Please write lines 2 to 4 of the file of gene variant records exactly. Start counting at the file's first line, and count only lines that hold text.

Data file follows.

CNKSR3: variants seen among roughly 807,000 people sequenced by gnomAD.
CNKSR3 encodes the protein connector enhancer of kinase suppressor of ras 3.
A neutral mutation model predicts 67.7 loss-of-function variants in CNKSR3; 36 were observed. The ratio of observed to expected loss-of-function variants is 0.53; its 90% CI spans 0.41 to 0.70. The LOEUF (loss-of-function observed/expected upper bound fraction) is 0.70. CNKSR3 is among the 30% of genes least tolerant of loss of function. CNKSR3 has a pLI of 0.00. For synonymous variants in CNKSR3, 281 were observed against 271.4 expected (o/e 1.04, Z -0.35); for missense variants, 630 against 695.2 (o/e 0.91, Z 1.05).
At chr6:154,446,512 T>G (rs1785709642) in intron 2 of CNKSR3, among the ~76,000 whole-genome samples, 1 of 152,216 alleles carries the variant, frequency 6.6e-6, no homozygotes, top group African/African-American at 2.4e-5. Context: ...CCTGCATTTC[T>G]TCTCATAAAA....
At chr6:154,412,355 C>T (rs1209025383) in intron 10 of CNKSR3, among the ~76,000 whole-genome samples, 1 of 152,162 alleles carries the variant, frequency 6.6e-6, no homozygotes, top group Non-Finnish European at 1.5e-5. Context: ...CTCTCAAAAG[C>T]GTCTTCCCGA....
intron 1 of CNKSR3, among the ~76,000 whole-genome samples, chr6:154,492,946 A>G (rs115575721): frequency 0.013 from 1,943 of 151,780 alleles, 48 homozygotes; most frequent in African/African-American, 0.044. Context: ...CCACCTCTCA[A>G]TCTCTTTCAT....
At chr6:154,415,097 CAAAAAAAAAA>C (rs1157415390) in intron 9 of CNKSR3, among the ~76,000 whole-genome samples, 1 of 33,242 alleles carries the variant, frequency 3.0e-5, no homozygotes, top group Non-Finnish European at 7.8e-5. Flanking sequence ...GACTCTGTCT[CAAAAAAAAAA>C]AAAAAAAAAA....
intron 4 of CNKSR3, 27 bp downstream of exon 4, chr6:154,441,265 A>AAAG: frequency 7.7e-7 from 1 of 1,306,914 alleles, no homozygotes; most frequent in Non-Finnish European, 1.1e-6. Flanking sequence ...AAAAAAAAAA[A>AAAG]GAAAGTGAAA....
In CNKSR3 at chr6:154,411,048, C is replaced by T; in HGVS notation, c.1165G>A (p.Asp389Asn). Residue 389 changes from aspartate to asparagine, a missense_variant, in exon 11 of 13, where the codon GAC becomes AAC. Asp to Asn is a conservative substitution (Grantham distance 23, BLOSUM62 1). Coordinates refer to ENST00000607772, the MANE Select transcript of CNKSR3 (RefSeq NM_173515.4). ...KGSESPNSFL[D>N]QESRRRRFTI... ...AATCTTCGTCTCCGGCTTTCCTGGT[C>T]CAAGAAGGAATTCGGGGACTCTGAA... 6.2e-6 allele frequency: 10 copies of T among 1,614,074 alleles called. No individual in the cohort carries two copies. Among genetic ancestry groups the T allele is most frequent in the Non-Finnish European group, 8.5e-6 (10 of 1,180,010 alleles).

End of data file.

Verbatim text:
CNKSR3 encodes the protein connector enhancer of kinase suppressor of ras 3.
A neutral mutation model predicts 67.7 loss-of-function variants in CNKSR3; 36 were observed. The ratio of observed to expected loss-of-function variants is 0.53; its 90% CI spans 0.41 to 0.70. The LOEUF (loss-of-function observed/expected upper bound fraction) is 0.70. CNKSR3 is among the 30% of genes least tolerant of loss of function. CNKSR3 has a pLI of 0.00. For synonymous variants in CNKSR3, 281 were observed against 271.4 expected (o/e 1.04, Z -0.35); for missense variants, 630 against 695.2 (o/e 0.91, Z 1.05).
At chr6:154,446,512 T>G (rs1785709642) in intron 2 of CNKSR3, among the ~76,000 whole-genome samples, 1 of 152,216 alleles carries the variant, frequency 6.6e-6, no homozygotes, top group African/African-American at 2.4e-5. Context: ...CCTGCATTTC[T>G]TCTCATAAAA....